- Why do the premillennialists like the prophets? Why can they feel “safe” about what they write and preach?
- What connection does Acts 3:24 have to their handling of the prophets?
- Identify two presuppositions you see at work in premillennial approaches to Ezek. 38. Show how this is true specifically as that chapter is interpreted. Can you think of other cases where the same thing manifests itself?
- Show how New Testament texts that refer to the “temple of God,” the “new Jerusalem,” the “House of God,” “Israel,” etc. help us in understanding these prophecies.
- Summarize some of the premillennial views of Ezek. 38. How does Russia enter the discussion? The United States? The British Commonwealth countries?
- What is British-Israelism? Is it popular among premillennialists?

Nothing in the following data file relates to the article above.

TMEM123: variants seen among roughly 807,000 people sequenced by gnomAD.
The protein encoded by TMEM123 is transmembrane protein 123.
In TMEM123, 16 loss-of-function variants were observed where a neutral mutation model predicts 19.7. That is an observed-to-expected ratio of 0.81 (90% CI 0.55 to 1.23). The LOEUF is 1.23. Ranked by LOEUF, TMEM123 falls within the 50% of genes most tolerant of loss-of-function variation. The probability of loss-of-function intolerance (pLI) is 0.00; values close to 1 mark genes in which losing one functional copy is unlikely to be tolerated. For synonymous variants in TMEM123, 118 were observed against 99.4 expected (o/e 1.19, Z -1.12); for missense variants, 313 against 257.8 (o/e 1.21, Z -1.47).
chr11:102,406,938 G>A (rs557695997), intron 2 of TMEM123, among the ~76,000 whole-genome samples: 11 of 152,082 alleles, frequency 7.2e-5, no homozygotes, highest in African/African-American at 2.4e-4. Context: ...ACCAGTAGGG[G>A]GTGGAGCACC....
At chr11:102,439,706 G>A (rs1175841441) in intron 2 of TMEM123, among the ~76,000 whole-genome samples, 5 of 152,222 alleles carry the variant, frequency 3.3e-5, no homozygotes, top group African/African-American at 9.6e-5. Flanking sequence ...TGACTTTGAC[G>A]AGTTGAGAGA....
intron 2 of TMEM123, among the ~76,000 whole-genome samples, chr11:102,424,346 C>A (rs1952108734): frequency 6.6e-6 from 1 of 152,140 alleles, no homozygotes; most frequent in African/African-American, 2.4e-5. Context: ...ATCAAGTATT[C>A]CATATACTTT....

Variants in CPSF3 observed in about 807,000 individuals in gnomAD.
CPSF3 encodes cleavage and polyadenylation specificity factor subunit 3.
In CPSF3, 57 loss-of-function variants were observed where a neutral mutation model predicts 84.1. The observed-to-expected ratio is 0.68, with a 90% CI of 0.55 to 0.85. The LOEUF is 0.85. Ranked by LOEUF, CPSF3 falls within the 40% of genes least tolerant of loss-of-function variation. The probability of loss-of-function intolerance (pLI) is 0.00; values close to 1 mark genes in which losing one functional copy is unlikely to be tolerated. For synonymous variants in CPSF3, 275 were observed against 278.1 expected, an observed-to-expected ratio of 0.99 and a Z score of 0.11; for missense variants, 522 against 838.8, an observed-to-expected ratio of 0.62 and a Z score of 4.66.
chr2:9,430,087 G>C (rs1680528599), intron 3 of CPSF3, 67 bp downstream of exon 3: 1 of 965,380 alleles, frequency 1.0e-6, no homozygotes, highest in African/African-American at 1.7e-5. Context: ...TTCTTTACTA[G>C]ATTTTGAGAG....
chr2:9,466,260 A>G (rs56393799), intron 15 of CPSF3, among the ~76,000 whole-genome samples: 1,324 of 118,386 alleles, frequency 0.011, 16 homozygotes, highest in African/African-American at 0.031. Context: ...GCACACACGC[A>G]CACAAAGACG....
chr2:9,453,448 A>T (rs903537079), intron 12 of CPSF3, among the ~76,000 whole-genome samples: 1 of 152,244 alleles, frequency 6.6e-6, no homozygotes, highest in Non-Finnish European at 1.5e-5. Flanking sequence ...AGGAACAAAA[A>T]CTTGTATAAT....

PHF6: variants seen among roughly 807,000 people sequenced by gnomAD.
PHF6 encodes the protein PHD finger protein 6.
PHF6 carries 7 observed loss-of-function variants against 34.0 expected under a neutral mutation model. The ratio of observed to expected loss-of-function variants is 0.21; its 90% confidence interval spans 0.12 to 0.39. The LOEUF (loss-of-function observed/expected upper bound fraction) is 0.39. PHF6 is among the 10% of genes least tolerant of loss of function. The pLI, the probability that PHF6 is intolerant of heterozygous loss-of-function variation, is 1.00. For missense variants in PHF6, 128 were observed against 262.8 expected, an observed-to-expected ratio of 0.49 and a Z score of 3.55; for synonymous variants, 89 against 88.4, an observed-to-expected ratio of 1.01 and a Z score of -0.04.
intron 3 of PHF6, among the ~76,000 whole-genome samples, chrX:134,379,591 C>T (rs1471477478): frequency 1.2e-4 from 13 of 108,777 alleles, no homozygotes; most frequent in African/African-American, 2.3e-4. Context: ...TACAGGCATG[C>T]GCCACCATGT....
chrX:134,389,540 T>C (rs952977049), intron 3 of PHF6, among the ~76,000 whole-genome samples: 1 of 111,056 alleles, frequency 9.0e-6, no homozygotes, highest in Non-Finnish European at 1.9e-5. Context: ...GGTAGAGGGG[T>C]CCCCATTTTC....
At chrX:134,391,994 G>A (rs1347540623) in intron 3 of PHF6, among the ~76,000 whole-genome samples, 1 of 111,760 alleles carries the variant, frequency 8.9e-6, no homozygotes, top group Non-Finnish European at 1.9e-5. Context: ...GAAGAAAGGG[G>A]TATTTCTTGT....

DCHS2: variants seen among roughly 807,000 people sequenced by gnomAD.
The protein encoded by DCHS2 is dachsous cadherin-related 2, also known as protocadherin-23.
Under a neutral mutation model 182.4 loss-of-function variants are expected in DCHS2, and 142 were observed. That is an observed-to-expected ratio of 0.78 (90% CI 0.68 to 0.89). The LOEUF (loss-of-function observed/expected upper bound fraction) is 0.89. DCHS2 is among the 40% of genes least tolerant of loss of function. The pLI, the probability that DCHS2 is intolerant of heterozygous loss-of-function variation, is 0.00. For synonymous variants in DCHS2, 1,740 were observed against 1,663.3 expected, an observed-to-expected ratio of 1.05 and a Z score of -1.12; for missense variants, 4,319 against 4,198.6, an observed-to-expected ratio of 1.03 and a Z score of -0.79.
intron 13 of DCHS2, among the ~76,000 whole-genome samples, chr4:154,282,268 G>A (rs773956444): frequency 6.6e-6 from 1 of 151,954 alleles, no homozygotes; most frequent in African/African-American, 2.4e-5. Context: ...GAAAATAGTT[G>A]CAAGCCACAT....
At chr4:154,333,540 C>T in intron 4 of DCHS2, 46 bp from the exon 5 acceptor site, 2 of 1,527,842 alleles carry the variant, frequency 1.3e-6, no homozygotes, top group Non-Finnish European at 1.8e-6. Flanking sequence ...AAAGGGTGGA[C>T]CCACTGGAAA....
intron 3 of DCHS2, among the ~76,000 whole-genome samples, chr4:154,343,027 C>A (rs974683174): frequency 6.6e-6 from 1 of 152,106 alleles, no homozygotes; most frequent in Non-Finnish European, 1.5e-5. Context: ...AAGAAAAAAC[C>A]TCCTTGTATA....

- Look up the word “hermeneutics” in a good dictionary. Explain how premillennial views of Scripture pose “hermeneutical” problems.
- Compare Ezekiel 38 and Rev. 20:7. What do Gog and Magog represent in each case? How do the two texts complement one another?
- Does Ezekiel 38 offer hope to the church when it today faces adversity (materialism, sensualism, communism, denominationalism, cultism)?
- Thought Question: The time of fulfillment of Ezekiel’s prophecy is explained by him to be “in the latter years” (38:8) or “the latter days” (38:16). How would these expressions relate to similar expressions found in the New Testament (cf. Acts 2:16-17; Heb. 1:1-2; etc.)?
Guardian of Truth XXVI: 2, pp. 25-27
January 14, 1982